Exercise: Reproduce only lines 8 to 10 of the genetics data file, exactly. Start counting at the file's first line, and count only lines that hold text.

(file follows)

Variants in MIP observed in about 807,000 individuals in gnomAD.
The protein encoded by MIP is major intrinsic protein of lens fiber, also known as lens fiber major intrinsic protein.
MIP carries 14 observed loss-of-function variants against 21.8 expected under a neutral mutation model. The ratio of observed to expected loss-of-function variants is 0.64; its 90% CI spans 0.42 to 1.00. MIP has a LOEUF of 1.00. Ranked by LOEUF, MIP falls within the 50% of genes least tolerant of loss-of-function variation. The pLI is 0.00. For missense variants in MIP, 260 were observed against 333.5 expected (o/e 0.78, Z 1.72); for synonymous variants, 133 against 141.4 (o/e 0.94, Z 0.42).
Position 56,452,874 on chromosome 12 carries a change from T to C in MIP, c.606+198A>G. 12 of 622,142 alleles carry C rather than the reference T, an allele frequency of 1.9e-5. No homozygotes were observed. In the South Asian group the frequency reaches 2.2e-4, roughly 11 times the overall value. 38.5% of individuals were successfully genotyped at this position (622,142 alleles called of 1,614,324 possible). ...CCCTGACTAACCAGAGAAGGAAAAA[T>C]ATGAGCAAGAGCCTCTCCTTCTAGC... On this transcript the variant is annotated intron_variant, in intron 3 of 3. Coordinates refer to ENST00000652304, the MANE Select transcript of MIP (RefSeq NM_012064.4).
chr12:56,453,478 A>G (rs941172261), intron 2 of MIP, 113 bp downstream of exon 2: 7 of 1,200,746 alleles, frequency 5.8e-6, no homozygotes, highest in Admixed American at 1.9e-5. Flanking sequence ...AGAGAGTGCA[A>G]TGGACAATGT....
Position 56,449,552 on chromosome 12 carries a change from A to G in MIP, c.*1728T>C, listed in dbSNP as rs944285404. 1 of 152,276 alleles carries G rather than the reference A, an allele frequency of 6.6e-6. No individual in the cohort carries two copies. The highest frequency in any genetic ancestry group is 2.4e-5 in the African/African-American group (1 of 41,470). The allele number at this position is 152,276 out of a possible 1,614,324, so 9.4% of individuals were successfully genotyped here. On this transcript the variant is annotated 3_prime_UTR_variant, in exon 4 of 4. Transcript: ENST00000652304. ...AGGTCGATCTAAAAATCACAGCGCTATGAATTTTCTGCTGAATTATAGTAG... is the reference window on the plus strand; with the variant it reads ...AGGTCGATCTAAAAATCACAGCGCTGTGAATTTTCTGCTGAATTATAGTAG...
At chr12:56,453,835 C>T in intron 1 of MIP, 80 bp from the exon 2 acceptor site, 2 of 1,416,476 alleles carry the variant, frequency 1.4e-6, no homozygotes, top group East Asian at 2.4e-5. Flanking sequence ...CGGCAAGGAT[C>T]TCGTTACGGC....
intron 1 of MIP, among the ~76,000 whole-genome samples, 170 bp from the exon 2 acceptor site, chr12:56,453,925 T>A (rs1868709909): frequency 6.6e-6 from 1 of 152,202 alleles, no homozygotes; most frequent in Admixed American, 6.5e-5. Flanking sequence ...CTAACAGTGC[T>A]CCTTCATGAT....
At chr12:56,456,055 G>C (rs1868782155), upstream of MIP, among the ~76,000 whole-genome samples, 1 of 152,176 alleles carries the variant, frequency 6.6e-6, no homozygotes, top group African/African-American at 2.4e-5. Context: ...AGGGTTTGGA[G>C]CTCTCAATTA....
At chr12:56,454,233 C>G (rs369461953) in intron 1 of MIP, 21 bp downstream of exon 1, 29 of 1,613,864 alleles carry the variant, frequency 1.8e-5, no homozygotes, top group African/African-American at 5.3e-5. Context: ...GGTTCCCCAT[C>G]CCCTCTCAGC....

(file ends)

intron 1 of MIP, among the ~76,000 whole-genome samples, 170 bp from the exon 2 acceptor site, chr12:56,453,925 T>A (rs1868709909): frequency 6.6e-6 from 1 of 152,202 alleles, no homozygotes; most frequent in Admixed American, 6.5e-5. Flanking sequence ...CTAACAGTGC[T>A]CCTTCATGAT....
At chr12:56,456,055 G>C (rs1868782155), upstream of MIP, among the ~76,000 whole-genome samples, 1 of 152,176 alleles carries the variant, frequency 6.6e-6, no homozygotes, top group African/African-American at 2.4e-5. Context: ...AGGGTTTGGA[G>C]CTCTCAATTA....
At chr12:56,454,233 C>G (rs369461953) in intron 1 of MIP, 21 bp downstream of exon 1, 29 of 1,613,864 alleles carry the variant, frequency 1.8e-5, no homozygotes, top group African/African-American at 5.3e-5. Context: ...GGTTCCCCAT[C>G]CCCTCTCAGC....